Skip to main content
Browse Subject Areas

Click through the PLOS taxonomy to find articles in your field.

For more information about PLOS Subject Areas, click here.

  • Loading metrics

Standardized Handwriting to Assess Bradykinesia, Micrographia and Tremor in Parkinson's Disease



To assess whether standardized handwriting can provide quantitative measures to distinguish patients diagnosed with Parkinson's disease from age- and gender-matched healthy control participants.


Exploratory study. Pen tip trajectories were recorded during circle, spiral and line drawing and repeated character ‘elelelel’ and sentence writing, performed by Parkinson patients and healthy control participants. Parkinson patients were tested after overnight withdrawal of anti-Parkinsonian medication.


University Medical Center Groningen, tertiary care, the Netherlands.


Patients with Parkinson's disease (n = 10; mean age 69.0 years; 6 male) and healthy controls (n = 10; mean age 68.1 years; 6 male).


Not applicable.

Main Outcome Measures

Movement time and velocity to detect bradykinesia and the size of writing to detect micrographia. A rest recording to investigate the presence of a rest-tremor, by frequency analysis.


Mean disease duration in the Parkinson group was 4.4 years and the patients were in modified Hoehn-Yahr stages 1–2.5. In general, Parkinson patients were slower than healthy control participants. Median time per repetition, median velocity and median acceleration of the sentence task and median velocity of the elel task differed significantly between Parkinson patients and healthy control participants (all p<0.0014). Parkinson patients also wrote smaller than healthy control participants and the width of the ‘e’ in the elel task was significantly smaller in Parkinson patients compared to healthy control participants (p<0.0014). A rest-tremor was detected in the three patients who were clinically assessed as having rest-tremor.


This study shows that standardized handwriting can provide objective measures for bradykinesia, tremor and micrographia to distinguish Parkinson patients from healthy control participants.


Parkinson's disease (PD) is a neurodegenerative disorder which generally results in several motor symptoms. The cardinal signs of the disease are bradykinesia (slowness of movement), rest tremor, rigidity (muscular stiffness throughout the range of passive movement in a limb segment) and postural and gait impairment [1]. Not all PD patients present these classical symptoms and several other motor symptoms can be observed, such as freezing, shuffling gate, hypomimia and micrographia (small handwriting) [2]. Clinical examination can be expressed in rating scales, e.g. the Unified Parkinson's Disease Rating Scale (UPDRS) or the Hoehn and Yahr scale (H&Y) [2], [3]. The UPDRS is the most widely used and tested scale and consists of an impairment and disability section. The H&Y scale is the most commonly used method to assess the severity of the disease [4]. However, rating scales highly depend on the experience and interpretation of the physician performing the assessment and have limited precision for quantifying upper limb motor skill. To support the clinical diagnosis, a trial dose of levodopa should result in an improvement of the clinical symptoms. The clinical diagnosis can also be supported by radiotracer neuroimaging techniques such as positron emission tomography or single photon emission computed tomography, in which a presynaptic dopaminergic deficit can be demonstrated [5].

Early diagnosis of PD is very important, because it allows early intervention and management toward an improved overall outcome for the patient [6]. Currently, no definite methods for an early, objective and quantitative diagnosis are available, but several methods that provide quantitative measures for motor symptoms of PD have been studied. For example, handwriting tasks and systems have been used for this purpose [7][13]. Bajaj et al. [7] used handwritten samples to differentiate PD patients from patients with other tremors. They provided an objective measure for micrographia, but their analysis was time consuming, because script height and length were measured manually. An electronic pen and digitizer tablet were used in other studies to distinguish PD from healthy control (HC) participants [8], [10], [12]. However, Alty et al. [8] only studied bradykinesia and Van Gemmert et al. [12] only studied micrographia. Broderick et al. [10] studied both micrographia and bradykinesia, but the shoulder and elbow of participants were fixated, which resulted in a constrained, rather unnatural movement. Ünlü et al. [9] used an electronic pen as well and showed that several features can be computed to distinguish PD from HC. One of the features was related to tremor, but the remaining features were not related to a symptom of PD. Rosenblum et al.[13] also used handwriting to distinguish PD from HC analyzing movement speed and size of writing. They did not assess tremor. Thus, each of the systems provided useful measures to distinguish PD from HC participants, but most of them focused on just one of the motor symptoms of PD and none of these studies included a task to measure rest tremor. For early differential diagnosis a system which provides quantitative measures for several motor symptoms of PD simultaneously would be beneficial [14].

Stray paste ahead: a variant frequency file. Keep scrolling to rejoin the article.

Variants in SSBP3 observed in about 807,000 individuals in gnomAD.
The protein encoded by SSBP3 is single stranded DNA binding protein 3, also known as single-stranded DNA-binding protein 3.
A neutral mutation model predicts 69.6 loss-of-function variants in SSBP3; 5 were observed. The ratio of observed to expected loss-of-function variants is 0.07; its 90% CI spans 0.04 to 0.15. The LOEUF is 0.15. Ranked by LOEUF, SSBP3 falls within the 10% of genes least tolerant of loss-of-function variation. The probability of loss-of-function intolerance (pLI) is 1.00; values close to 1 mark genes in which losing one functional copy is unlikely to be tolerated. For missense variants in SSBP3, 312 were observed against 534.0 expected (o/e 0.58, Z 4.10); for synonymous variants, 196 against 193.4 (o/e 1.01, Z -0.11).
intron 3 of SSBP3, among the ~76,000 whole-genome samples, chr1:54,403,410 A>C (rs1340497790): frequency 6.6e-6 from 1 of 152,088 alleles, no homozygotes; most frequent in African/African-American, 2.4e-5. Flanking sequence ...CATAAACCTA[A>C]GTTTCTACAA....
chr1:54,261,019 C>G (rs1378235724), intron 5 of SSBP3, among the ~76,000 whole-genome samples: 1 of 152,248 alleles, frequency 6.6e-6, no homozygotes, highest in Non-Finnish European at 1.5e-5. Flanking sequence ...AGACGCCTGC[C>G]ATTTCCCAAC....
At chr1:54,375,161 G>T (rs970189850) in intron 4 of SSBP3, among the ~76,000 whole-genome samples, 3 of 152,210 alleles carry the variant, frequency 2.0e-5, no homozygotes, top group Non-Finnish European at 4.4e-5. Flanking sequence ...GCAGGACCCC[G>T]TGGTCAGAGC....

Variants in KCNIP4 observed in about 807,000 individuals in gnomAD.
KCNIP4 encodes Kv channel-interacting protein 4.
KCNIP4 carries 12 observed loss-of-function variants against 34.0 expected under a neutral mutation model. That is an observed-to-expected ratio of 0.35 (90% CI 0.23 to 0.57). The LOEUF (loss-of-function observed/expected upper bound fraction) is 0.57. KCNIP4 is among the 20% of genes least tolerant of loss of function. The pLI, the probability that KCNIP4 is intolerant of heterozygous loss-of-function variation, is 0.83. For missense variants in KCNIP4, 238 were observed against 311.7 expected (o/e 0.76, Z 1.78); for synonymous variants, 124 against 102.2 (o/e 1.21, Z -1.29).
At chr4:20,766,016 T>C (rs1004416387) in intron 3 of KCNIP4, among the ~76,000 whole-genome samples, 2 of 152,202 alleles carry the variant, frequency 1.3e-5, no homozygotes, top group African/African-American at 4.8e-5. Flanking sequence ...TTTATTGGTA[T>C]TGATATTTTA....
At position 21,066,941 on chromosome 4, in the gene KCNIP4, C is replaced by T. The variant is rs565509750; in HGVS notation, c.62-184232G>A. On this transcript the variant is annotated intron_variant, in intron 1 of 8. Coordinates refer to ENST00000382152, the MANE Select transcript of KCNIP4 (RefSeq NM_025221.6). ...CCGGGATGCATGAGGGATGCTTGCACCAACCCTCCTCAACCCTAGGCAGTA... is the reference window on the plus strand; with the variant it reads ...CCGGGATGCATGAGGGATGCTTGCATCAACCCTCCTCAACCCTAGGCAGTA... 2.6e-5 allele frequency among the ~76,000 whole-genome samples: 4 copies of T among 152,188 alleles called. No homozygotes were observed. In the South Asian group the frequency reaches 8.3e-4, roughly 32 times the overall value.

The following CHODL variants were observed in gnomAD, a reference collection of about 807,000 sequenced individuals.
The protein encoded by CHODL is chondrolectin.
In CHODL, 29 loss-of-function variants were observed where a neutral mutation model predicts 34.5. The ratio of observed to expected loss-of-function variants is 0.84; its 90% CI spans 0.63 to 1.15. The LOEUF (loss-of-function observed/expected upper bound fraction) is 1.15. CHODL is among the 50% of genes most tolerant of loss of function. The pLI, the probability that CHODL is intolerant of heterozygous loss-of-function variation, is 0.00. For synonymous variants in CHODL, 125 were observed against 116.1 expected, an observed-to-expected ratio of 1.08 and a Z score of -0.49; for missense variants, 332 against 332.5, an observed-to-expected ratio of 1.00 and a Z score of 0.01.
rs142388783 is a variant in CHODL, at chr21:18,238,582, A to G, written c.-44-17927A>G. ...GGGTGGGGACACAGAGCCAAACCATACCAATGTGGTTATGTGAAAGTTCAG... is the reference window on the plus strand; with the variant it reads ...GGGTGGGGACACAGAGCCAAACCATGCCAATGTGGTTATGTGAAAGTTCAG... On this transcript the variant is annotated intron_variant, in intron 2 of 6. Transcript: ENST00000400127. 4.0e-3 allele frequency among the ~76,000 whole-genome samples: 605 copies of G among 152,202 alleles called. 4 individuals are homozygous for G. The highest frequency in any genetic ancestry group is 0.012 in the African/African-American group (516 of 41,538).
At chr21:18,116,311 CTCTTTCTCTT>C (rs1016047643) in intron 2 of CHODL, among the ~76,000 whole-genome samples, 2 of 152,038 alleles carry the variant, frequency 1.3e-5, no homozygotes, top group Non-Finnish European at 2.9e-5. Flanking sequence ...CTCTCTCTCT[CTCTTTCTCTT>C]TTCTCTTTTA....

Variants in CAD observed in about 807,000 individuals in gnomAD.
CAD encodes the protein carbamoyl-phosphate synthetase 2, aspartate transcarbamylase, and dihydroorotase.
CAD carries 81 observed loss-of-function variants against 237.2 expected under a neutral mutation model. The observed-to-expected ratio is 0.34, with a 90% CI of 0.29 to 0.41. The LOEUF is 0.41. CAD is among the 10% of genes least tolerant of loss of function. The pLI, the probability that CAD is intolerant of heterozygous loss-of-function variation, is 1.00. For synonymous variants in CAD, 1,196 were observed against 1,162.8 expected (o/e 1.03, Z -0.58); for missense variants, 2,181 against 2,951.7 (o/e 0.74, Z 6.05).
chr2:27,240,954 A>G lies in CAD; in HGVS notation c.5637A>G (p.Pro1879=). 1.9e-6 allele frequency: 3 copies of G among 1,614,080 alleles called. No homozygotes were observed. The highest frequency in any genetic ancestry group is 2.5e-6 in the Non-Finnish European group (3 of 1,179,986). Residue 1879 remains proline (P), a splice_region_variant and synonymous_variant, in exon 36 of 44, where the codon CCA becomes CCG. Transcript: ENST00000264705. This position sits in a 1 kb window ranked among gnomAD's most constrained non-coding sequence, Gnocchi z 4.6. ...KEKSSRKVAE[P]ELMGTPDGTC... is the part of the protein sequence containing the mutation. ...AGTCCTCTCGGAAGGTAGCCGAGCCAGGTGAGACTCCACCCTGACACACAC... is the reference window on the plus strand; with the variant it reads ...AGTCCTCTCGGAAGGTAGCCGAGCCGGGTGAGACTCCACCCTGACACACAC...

The aim of the present study was to determine whether standardized handwriting can provide quantitative measures to assess multiple important motor symptoms simultaneously to distinguish patients diagnosed with PD from age- and gender matched HC participants. The study focused on two important motor symptoms of PD, bradykinesia and micrographia. Additionally, rest tremor was investigated. The design of the present study was exploratory and therefore a small group of PD patients and HC participants was included and a large number of features was produced, to examine which features can best be used to distinguish PD from HC.

Several handwriting and geometric tasks, based on tasks used in previous studies, were evaluated. Ünlü et al. [9] used the writing of l-loops and a complete sentence. In a study of Ponsen et al.[15] participants wrote a complete sentence and the authors showed that letter height decreased in PD patients as writing progressed. Also Bajaj et al.[7] assessed micrographia in PD by analyzing a handwritten sentence. The present study includes the writing of e- and l-loops and a complete sentence to assess micrographia.